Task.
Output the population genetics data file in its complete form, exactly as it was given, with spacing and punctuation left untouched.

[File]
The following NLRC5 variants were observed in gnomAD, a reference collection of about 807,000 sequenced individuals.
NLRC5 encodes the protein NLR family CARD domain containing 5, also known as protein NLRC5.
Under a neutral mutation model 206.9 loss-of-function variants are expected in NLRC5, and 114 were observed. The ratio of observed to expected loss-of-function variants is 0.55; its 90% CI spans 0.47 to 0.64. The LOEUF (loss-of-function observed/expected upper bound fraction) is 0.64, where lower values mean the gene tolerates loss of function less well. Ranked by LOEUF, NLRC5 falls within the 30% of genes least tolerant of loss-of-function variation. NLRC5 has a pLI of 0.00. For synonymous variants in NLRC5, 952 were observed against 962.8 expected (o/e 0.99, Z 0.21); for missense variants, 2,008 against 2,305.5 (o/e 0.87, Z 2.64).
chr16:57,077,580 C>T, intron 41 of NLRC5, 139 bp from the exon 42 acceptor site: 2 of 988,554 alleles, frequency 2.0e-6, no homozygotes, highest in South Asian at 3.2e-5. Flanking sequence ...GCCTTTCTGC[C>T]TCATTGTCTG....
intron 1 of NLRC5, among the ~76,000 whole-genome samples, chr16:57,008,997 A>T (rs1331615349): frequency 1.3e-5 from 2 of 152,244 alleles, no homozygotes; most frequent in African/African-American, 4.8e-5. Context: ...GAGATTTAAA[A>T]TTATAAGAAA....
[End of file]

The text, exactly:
The following NLRC5 variants were observed in gnomAD, a reference collection of about 807,000 sequenced individuals.
NLRC5 encodes the protein NLR family CARD domain containing 5, also known as protein NLRC5.
Under a neutral mutation model 206.9 loss-of-function variants are expected in NLRC5, and 114 were observed. The ratio of observed to expected loss-of-function variants is 0.55; its 90% CI spans 0.47 to 0.64. The LOEUF (loss-of-function observed/expected upper bound fraction) is 0.64, where lower values mean the gene tolerates loss of function less well. Ranked by LOEUF, NLRC5 falls within the 30% of genes least tolerant of loss-of-function variation. NLRC5 has a pLI of 0.00. For synonymous variants in NLRC5, 952 were observed against 962.8 expected (o/e 0.99, Z 0.21); for missense variants, 2,008 against 2,305.5 (o/e 0.87, Z 2.64).
chr16:57,077,580 C>T, intron 41 of NLRC5, 139 bp from the exon 42 acceptor site: 2 of 988,554 alleles, frequency 2.0e-6, no homozygotes, highest in South Asian at 3.2e-5. Flanking sequence ...GCCTTTCTGC[C>T]TCATTGTCTG....
intron 1 of NLRC5, among the ~76,000 whole-genome samples, chr16:57,008,997 A>T (rs1331615349): frequency 1.3e-5 from 2 of 152,244 alleles, no homozygotes; most frequent in African/African-American, 4.8e-5. Context: ...GAGATTTAAA[A>T]TTATAAGAAA....